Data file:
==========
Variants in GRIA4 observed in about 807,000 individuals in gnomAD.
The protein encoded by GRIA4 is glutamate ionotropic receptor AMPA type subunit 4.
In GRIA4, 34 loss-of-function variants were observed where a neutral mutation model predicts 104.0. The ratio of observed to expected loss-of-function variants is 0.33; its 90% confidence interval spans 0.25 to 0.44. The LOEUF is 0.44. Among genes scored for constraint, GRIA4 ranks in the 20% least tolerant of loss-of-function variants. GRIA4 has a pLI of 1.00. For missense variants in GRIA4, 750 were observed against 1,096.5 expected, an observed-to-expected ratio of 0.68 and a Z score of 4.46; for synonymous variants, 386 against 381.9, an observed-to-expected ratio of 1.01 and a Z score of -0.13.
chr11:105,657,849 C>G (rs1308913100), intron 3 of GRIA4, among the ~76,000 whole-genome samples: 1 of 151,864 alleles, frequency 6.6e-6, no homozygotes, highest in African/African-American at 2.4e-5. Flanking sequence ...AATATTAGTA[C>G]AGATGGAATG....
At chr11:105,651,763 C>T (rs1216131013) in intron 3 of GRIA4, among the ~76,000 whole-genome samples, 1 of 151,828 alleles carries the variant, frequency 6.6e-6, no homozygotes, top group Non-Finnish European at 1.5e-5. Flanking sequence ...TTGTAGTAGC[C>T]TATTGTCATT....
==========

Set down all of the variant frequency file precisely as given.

Variants in GRIA4 observed in about 807,000 individuals in gnomAD.
The protein encoded by GRIA4 is glutamate ionotropic receptor AMPA type subunit 4.
In GRIA4, 34 loss-of-function variants were observed where a neutral mutation model predicts 104.0. The ratio of observed to expected loss-of-function variants is 0.33; its 90% confidence interval spans 0.25 to 0.44. The LOEUF is 0.44. Among genes scored for constraint, GRIA4 ranks in the 20% least tolerant of loss-of-function variants. GRIA4 has a pLI of 1.00. For missense variants in GRIA4, 750 were observed against 1,096.5 expected, an observed-to-expected ratio of 0.68 and a Z score of 4.46; for synonymous variants, 386 against 381.9, an observed-to-expected ratio of 1.01 and a Z score of -0.13.
chr11:105,657,849 C>G (rs1308913100), intron 3 of GRIA4, among the ~76,000 whole-genome samples: 1 of 151,864 alleles, frequency 6.6e-6, no homozygotes, highest in African/African-American at 2.4e-5. Flanking sequence ...AATATTAGTA[C>G]AGATGGAATG....
At chr11:105,651,763 C>T (rs1216131013) in intron 3 of GRIA4, among the ~76,000 whole-genome samples, 1 of 151,828 alleles carries the variant, frequency 6.6e-6, no homozygotes, top group Non-Finnish European at 1.5e-5. Flanking sequence ...TTGTAGTAGC[C>T]TATTGTCATT....